Linz, June 2006

total permanent charge
Total Permanent Charge
  • In order to determine rM uniquely additional condition is needed
  • NM is the number of confined particles („total permanent charge“)

Inverse Problems in Ion Channels

Linz, June 2006

simulation of pnp dft
Simulation of PNP-DFT
  • L-type Ca Channel, U =50mV, N5 = 8

Inverse Problems in Ion Channels

Linz, June 2006

fluxes and current
Fluxes and Current
  • Flux density of each species can be computed as
  • One cannot observe single fluxes, but only the current on the outflow boundary

Inverse Problems in Ion Channels

Linz, June 2006

function from structure
Function from Structure
  • With complete knowledge of system parameters and structure, we can (approximately) compute the (electrophysiological) function, i.e. the current for different voltages and different bath concentrations
  • Structure enters via the permanent charge, namely the number NM of confined particles and the constraining potential mM0

Inverse Problems in Ion Channels

Linz, June 2006

structure from function
Structure from Function
  • Real life is different, since we observe (measure) the electrophysiological function, but do not know the structure
  • Hence we arrive at an inverse problem: obtain information about structure from function
  • Identification problems: find NM or / and mM0 from current measurements

Inverse Problems in Ion Channels

Linz, June 2006

structure for function
Structure for Function
  • For synthetic channels, one would like to achieve a certain function by design
  • Usual goal is related to selectivity, designed channel should prefer one species (e.g. Ca) over another one with charge of same sign (e.g. Na)
  • Optimal design problems: find NM or / and mM0 to maximize (improve) selectivity measure

Inverse Problems in Ion Channels

Linz, June 2006

differences to semiconductors
Differences to Semiconductors
  • Multiple species with charge of same sign
  • Additional chemical interaction in forward model
  • Richer data set for identification (current as function of voltage and bath concentrations)
  • No analogue to selectivity in semiconductors. Design problems completely new

Inverse Problems in Ion Channels

Linz, June 2006

simple case
Simple Case
  • Start 1D (realistic for many channels being extremely narrow in 2 directions), ignore DFT part as a first step.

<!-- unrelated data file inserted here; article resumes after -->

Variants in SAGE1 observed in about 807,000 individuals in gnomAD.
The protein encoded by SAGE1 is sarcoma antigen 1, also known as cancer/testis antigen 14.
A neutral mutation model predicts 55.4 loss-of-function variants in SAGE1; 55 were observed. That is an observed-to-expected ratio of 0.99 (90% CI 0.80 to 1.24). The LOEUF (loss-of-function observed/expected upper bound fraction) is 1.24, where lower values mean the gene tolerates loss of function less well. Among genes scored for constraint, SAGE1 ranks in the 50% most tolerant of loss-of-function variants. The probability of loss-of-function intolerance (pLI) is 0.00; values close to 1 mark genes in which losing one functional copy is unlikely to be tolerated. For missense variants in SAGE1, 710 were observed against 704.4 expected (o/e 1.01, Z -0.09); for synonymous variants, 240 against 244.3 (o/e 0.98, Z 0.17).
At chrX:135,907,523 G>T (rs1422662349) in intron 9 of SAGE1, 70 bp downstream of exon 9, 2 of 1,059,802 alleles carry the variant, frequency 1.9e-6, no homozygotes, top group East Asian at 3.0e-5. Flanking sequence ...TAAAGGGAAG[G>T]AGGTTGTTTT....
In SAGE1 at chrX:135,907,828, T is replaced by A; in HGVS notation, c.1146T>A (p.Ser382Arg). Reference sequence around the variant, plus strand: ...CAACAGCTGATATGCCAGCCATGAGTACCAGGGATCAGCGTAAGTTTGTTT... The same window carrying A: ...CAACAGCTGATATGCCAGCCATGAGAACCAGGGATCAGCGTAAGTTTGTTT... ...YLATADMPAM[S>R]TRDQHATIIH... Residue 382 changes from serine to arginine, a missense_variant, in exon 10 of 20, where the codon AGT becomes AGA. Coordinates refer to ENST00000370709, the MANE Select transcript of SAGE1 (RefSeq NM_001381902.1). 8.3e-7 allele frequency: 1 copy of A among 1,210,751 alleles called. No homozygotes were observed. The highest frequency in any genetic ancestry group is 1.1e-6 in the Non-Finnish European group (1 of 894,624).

• Identify fixed permanent charge density (instead of total charge and potential)
  • Consider case of small bath concentrations
  • Linearization of equations around zerobath concentration

Inverse Problems in Ion Channels

Linz, June 2006

simple case1
Simple Case
  • 1 D PNP model in interval (-L,L)

Inverse Problems in Ion Channels

Linz, June 2006

simple case2
Simple Case
  • Equations can be integrated to obtain fluxes

Inverse Problems in Ion Channels

Linz, June 2006

simple case3
Simple Case
  • For bath concentrations zero, it is easy to show that all mobile ion densities vanish
  • For each applied voltage U, we obtain a Poisson equation of the form

Inverse Problems in Ion Channels

Linz, June 2006

simple case4
Simple Case
  • Note that where
  • There is a one-to-one relation between rM and V0,0. We can start by identifying V0,0

Inverse Problems in Ion Channels

Linz, June 2006

simple case5
Simple Case
  • The first-order expansion of the currents around zero bath concentration is given by
  • If we measure for small concentrations, then this is the main content of information

Inverse Problems in Ion Channels

Linz, June 2006

simple case6
Simple Case
  • Since we can vary the linearized bath concentrations we can achieve that only one of the numerators does not vanish in
  • This means we may know in particular

Inverse Problems in Ion Channels

Linz, June 2006

simple case7
Simple Case
  • With the above formula for V0,0 and

we arrive at the linear integral equation

Inverse Problems in Ion Channels

Linz, June 2006

simple case8
Simple Case
  • The equation ( )

is severely ill-posed (singular values decay exponentially)

  • Second step of computing permanent charge density is mildly ill-posed